Mar 3, 2017
More Pounds Needed
Leslie Bonci

Will is a high school basketball player who is trying to increase his weight. He says he eats a lot, but can’t eat before practice and often isn’t hungry for several hours after practice. Before games, he gets nervous and finds that anything he tries to eat doesn’t stay down. How can Will achieve his goals of fueling for games and increasing weight?

Since there are always more practices than games in any given week, Will’s first priority needs to be what happens before and after practice. He needs to learn how to “train his gut” so that he can eat more food. I would also suggest he ingest more beverages, since they empty more quickly than solids. I would recommend the following strategies to Will:

1. Eat a larger breakfast, perhaps adding an extra slice of toast with peanut butter or a waffle with butter and syrup, and a large glass of milk or juice.

2. Eat something between breakfast and lunch while moving from one classroom to another. Portable foods such as cereal, cereal bars, dried fruit, nuts, trail mix, and crackers work well, and are not messy to eat.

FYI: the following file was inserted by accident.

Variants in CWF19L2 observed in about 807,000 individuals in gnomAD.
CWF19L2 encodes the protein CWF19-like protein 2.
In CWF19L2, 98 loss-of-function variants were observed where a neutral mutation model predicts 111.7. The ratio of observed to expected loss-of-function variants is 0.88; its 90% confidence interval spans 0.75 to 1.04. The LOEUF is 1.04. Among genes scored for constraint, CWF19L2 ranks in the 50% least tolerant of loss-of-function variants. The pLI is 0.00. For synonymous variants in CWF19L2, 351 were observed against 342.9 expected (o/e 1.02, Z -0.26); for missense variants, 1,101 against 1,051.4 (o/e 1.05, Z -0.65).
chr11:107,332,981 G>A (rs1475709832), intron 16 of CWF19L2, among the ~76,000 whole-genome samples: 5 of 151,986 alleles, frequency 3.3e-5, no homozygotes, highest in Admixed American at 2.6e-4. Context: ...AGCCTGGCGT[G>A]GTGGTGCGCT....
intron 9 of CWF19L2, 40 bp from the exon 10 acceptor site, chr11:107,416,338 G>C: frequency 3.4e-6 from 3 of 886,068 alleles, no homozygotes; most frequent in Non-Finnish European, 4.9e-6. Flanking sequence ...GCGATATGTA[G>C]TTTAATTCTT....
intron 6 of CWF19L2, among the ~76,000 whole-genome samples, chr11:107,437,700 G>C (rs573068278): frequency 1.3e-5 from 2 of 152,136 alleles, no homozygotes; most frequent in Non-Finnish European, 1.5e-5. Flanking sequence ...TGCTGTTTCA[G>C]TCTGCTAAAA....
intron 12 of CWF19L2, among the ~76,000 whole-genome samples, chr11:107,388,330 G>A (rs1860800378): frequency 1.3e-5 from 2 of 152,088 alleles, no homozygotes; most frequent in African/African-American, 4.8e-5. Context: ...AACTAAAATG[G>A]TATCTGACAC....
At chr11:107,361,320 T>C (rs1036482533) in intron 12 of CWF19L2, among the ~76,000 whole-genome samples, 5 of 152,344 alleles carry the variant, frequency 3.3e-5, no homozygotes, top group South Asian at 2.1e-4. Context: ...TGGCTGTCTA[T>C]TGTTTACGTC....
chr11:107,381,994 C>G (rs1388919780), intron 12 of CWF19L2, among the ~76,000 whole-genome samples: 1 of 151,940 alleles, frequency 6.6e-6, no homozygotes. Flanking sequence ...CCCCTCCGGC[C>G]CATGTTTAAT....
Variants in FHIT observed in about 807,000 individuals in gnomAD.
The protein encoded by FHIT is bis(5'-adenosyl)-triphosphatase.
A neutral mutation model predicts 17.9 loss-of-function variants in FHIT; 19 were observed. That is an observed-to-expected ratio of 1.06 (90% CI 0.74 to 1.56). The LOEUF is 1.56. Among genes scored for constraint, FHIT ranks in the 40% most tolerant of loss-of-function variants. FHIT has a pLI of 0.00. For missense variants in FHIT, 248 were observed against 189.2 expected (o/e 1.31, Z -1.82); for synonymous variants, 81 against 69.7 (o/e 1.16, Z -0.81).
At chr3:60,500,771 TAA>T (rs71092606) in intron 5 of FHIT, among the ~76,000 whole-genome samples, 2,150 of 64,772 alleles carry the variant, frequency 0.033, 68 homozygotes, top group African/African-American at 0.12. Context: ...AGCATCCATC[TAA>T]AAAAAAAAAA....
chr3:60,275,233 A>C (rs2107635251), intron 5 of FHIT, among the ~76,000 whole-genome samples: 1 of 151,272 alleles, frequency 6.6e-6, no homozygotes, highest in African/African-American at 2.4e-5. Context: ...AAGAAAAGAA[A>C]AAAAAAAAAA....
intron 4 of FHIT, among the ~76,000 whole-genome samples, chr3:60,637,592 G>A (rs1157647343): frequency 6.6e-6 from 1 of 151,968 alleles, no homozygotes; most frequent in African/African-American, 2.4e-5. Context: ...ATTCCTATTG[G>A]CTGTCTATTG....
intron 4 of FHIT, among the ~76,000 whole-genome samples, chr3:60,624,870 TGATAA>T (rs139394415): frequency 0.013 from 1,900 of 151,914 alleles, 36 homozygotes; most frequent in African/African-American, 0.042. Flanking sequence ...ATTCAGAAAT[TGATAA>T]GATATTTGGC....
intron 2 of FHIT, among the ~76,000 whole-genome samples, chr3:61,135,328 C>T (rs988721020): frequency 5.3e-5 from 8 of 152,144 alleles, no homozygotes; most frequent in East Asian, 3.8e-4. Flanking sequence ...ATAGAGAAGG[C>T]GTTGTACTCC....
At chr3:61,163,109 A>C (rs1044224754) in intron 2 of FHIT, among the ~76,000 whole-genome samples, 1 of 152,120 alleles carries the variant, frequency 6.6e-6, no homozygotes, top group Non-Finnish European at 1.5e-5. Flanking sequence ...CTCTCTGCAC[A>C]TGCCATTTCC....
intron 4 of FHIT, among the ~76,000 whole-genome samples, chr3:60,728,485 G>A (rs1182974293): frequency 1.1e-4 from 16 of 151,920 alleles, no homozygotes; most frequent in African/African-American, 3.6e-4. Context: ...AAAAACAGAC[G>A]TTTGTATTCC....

3. Eat a larger lunch with an extra beverage and food item such as a soft pretzel, bagel, or slice of pizza if eating in school. If packing a lunch, add some extra snack items such as crackers, baked chips, or pretzels and an extra half of a sandwich.

4. Before practice, have a few gulps of sports drink instead of nothing at all. If that is not available, have about eight ounces of apple juice or lemonade.

5. Immediately after practice, go for something to drink other than water, such as a sports drink, lemonade, fruit punch, and if tolerated, a snack such as a handful of whole grain cereal, pretzels, crackers, or a Rice Krispies treat.

6. Three to four hours before games, eat easy-to-digest foods such as cereal, bagels, waffles, pancakes, rice, and pasta. Foods such as macaroni and cheese, pizza, fried chicken, and burgers are fattier and more likely to cause an upset stomach at game time.

7. If solid foods are too difficult, try smoothies or meal replacement drinks such as Carnation Instant Breakfast, Boost, or portable chocolate milk containers.

Leslie Bonci, RD, MPH, CSSD, LDN, is the owner of Active Eating Advice by Leslie, a nutrition consulting company based in Pittsburgh. She is also the sports dietitian for the Pittsburgh Pirates, Pittsburgh Ballet Theatre, Kansas City Chiefs, Carnegie Mellopn University and the Toronto Blue Jays, and the author of Sport Nutrition for Coaches.

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